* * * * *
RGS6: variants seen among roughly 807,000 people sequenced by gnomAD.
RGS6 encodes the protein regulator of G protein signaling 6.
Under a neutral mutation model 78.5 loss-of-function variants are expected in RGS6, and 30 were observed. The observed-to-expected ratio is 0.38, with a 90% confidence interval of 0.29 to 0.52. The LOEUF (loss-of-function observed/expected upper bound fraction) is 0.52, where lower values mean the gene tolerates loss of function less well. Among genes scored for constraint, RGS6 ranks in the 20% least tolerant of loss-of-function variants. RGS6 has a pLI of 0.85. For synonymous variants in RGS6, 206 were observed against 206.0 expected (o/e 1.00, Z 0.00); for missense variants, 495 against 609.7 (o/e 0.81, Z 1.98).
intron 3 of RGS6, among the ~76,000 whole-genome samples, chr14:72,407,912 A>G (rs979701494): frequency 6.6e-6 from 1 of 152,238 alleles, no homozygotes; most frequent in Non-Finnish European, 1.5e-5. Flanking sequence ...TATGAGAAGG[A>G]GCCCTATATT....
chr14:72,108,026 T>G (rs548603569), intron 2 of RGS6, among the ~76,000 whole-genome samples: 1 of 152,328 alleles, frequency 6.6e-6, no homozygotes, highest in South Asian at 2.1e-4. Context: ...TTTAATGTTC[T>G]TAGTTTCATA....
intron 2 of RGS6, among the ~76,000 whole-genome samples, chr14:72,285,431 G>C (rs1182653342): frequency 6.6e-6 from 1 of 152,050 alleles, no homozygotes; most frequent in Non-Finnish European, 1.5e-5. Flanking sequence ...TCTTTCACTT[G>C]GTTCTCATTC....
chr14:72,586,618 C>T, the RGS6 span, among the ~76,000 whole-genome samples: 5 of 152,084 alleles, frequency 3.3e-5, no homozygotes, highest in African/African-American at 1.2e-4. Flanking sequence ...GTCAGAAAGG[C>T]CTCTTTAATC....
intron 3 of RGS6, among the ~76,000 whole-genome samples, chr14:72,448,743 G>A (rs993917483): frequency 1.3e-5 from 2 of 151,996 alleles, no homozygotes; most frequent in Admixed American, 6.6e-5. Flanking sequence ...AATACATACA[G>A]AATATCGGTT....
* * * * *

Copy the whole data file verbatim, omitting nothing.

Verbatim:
RGS6: variants seen among roughly 807,000 people sequenced by gnomAD.
RGS6 encodes the protein regulator of G protein signaling 6.
Under a neutral mutation model 78.5 loss-of-function variants are expected in RGS6, and 30 were observed. The observed-to-expected ratio is 0.38, with a 90% confidence interval of 0.29 to 0.52. The LOEUF (loss-of-function observed/expected upper bound fraction) is 0.52, where lower values mean the gene tolerates loss of function less well. Among genes scored for constraint, RGS6 ranks in the 20% least tolerant of loss-of-function variants. RGS6 has a pLI of 0.85. For synonymous variants in RGS6, 206 were observed against 206.0 expected (o/e 1.00, Z 0.00); for missense variants, 495 against 609.7 (o/e 0.81, Z 1.98).
intron 3 of RGS6, among the ~76,000 whole-genome samples, chr14:72,407,912 A>G (rs979701494): frequency 6.6e-6 from 1 of 152,238 alleles, no homozygotes; most frequent in Non-Finnish European, 1.5e-5. Flanking sequence ...TATGAGAAGG[A>G]GCCCTATATT....
chr14:72,108,026 T>G (rs548603569), intron 2 of RGS6, among the ~76,000 whole-genome samples: 1 of 152,328 alleles, frequency 6.6e-6, no homozygotes, highest in South Asian at 2.1e-4. Context: ...TTTAATGTTC[T>G]TAGTTTCATA....
intron 2 of RGS6, among the ~76,000 whole-genome samples, chr14:72,285,431 G>C (rs1182653342): frequency 6.6e-6 from 1 of 152,050 alleles, no homozygotes; most frequent in Non-Finnish European, 1.5e-5. Flanking sequence ...TCTTTCACTT[G>C]GTTCTCATTC....
chr14:72,586,618 C>T, the RGS6 span, among the ~76,000 whole-genome samples: 5 of 152,084 alleles, frequency 3.3e-5, no homozygotes, highest in African/African-American at 1.2e-4. Flanking sequence ...GTCAGAAAGG[C>T]CTCTTTAATC....
intron 3 of RGS6, among the ~76,000 whole-genome samples, chr14:72,448,743 G>A (rs993917483): frequency 1.3e-5 from 2 of 151,996 alleles, no homozygotes; most frequent in Admixed American, 6.6e-5. Flanking sequence ...AATACATACA[G>A]AATATCGGTT....